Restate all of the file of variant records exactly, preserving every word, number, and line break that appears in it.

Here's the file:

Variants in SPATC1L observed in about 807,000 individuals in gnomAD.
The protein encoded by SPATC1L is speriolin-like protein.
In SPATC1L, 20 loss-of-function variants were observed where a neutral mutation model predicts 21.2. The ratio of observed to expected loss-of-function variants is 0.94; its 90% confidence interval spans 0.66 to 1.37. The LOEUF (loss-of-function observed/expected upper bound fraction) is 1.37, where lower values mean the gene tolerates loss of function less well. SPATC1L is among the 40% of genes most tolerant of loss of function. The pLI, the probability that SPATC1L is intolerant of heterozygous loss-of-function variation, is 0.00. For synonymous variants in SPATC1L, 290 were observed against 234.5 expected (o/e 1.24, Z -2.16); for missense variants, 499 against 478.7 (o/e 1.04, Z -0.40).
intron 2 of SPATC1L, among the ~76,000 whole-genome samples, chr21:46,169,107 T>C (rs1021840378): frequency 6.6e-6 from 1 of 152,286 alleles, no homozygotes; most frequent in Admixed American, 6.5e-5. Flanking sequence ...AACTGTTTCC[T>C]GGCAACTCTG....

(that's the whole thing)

Variants in SPATC1L observed in about 807,000 individuals in gnomAD.
The protein encoded by SPATC1L is speriolin-like protein.
In SPATC1L, 20 loss-of-function variants were observed where a neutral mutation model predicts 21.2. The ratio of observed to expected loss-of-function variants is 0.94; its 90% confidence interval spans 0.66 to 1.37. The LOEUF (loss-of-function observed/expected upper bound fraction) is 1.37, where lower values mean the gene tolerates loss of function less well. SPATC1L is among the 40% of genes most tolerant of loss of function. The pLI, the probability that SPATC1L is intolerant of heterozygous loss-of-function variation, is 0.00. For synonymous variants in SPATC1L, 290 were observed against 234.5 expected (o/e 1.24, Z -2.16); for missense variants, 499 against 478.7 (o/e 1.04, Z -0.40).
intron 2 of SPATC1L, among the ~76,000 whole-genome samples, chr21:46,169,107 T>C (rs1021840378): frequency 6.6e-6 from 1 of 152,286 alleles, no homozygotes; most frequent in Admixed American, 6.5e-5. Flanking sequence ...AACTGTTTCC[T>C]GGCAACTCTG....